L% Roy, N. Y.
Ltwir "SINGLE BIN DIR."
A hand-made cigar fresh from the
table, wrapped in foil, thus keeping
fresh until smoked. A fresh cigar
made of good tobacco ia the ideal
smoke. The old, well cured tobaccos
used are so rich In quality that many
who formerly smoked 10c cigars now
smoke Lewis' Single Binder Straight
Be. Lewis' Single Binder costs the
dealer some more than other Be cigars,
but the higher price enahlbs this fac-
tory to use extra quality tobacco.
There are many imitations; don't be
fooled. There Is no substitute! Tell
the dealer you want a Lewis "Single
FINE POST CARDS FREE.
A Big Package Sent to All of Our
Readers Who Write at Once.
To any reader of this paper who
writes Immediately and Incloses 2-c nt
stamp we will mall a set of Ave most
beautiful post cards you ever saw.
Or we will send our big magazine on
trial 3 months and set of eight choic-
est Floral Motto, Birthday and Friend-
ship cards, all different, In exquisite
colors, silk finish, beautifully em-
bossed, all for only 10 cents; 3 full
setB, 24 cards all different, and one
year's subscription, 2f> cents. Address
Household Postcard Dept., 95 Capper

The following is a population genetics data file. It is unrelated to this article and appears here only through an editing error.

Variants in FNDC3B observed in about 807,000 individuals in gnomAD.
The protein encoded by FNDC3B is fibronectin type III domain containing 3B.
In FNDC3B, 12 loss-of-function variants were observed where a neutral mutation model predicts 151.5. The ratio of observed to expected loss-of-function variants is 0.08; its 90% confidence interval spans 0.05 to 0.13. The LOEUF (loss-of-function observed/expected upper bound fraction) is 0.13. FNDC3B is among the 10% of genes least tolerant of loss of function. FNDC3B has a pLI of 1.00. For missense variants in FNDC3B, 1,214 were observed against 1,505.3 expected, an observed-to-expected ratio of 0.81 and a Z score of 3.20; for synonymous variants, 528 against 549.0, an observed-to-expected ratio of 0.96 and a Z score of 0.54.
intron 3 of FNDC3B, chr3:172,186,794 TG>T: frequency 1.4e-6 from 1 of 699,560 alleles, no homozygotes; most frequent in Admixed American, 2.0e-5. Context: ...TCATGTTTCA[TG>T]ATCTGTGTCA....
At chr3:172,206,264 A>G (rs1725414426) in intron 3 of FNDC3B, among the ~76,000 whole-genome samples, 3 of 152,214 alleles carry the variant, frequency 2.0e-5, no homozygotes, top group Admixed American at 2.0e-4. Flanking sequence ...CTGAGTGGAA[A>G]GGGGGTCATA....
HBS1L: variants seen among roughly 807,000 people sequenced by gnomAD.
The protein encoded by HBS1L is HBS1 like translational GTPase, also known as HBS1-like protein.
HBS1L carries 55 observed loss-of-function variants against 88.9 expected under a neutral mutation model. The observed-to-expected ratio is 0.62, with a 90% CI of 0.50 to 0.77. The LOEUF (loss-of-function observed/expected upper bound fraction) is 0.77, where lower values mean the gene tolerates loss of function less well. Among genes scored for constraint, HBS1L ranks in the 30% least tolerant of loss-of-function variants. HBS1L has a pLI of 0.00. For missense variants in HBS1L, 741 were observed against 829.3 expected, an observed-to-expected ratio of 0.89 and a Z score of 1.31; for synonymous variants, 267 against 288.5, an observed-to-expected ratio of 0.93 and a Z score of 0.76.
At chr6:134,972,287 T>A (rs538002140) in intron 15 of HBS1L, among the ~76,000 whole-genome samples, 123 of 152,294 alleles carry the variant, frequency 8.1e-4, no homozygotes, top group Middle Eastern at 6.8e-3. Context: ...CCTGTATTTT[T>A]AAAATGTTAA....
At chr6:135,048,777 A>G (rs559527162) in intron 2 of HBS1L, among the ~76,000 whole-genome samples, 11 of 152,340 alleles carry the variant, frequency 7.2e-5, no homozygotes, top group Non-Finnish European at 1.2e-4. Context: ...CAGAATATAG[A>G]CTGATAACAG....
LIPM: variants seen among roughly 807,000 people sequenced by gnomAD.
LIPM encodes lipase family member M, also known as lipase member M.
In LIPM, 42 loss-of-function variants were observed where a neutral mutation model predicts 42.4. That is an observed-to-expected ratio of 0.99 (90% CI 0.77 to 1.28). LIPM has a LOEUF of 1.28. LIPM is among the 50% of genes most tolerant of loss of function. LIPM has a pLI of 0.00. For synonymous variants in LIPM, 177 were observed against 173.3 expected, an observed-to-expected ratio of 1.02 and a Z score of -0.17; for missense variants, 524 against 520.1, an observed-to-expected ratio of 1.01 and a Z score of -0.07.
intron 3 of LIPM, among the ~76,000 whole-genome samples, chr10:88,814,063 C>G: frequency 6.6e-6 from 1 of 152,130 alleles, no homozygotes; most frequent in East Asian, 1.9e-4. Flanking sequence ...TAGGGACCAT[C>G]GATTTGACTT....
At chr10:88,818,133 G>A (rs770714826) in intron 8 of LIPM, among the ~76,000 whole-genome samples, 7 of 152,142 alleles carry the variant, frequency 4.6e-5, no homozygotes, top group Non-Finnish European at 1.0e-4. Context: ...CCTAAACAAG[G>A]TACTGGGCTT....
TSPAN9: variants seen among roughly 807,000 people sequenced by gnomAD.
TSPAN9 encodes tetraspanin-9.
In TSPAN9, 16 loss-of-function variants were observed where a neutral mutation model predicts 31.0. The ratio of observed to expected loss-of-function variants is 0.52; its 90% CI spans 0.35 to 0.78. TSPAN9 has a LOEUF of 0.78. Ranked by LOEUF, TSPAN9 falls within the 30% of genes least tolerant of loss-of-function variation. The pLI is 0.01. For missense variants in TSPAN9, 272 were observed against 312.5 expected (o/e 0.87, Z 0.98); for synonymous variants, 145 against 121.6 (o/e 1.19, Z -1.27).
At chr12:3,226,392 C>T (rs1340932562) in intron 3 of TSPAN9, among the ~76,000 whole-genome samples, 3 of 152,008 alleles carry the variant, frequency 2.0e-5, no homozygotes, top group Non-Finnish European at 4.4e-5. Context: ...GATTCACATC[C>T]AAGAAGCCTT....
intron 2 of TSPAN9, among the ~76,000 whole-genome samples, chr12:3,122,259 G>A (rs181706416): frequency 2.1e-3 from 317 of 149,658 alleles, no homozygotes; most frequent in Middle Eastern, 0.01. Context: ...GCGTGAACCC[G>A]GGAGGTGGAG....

Bldg., Topeka, Kan.
Immense Saving Possible.
In a preliminary bulletin on the
cost of maintaining a tuberculosis
sanatorium, the National Association
for the Study and Prevention of Tu-
berculosis announces that the average
cost per patient per day in thirty
semi charitable sanatoria scattered in
all parts of the United States is
$ 1.669. These institutions represent
an annual expenditure of over $ 1,300,-
000 and over 815,000 days of treat-
ment given each year The bulletin,
which is part of an extensive study
the National association is making for
its bureau of Information, points out
that the country could save annually
at least $150,000,000 If the indigent
consumptives were properly 6egre
"Father," queried Bob, just home
from college, "you've worked for me
pretty hard nearly all my life, haven't
"Quito right, quite right, son,"
mused father, retrospectively
"Just to," returned Bob, briskly.
"Now, you had better got busy and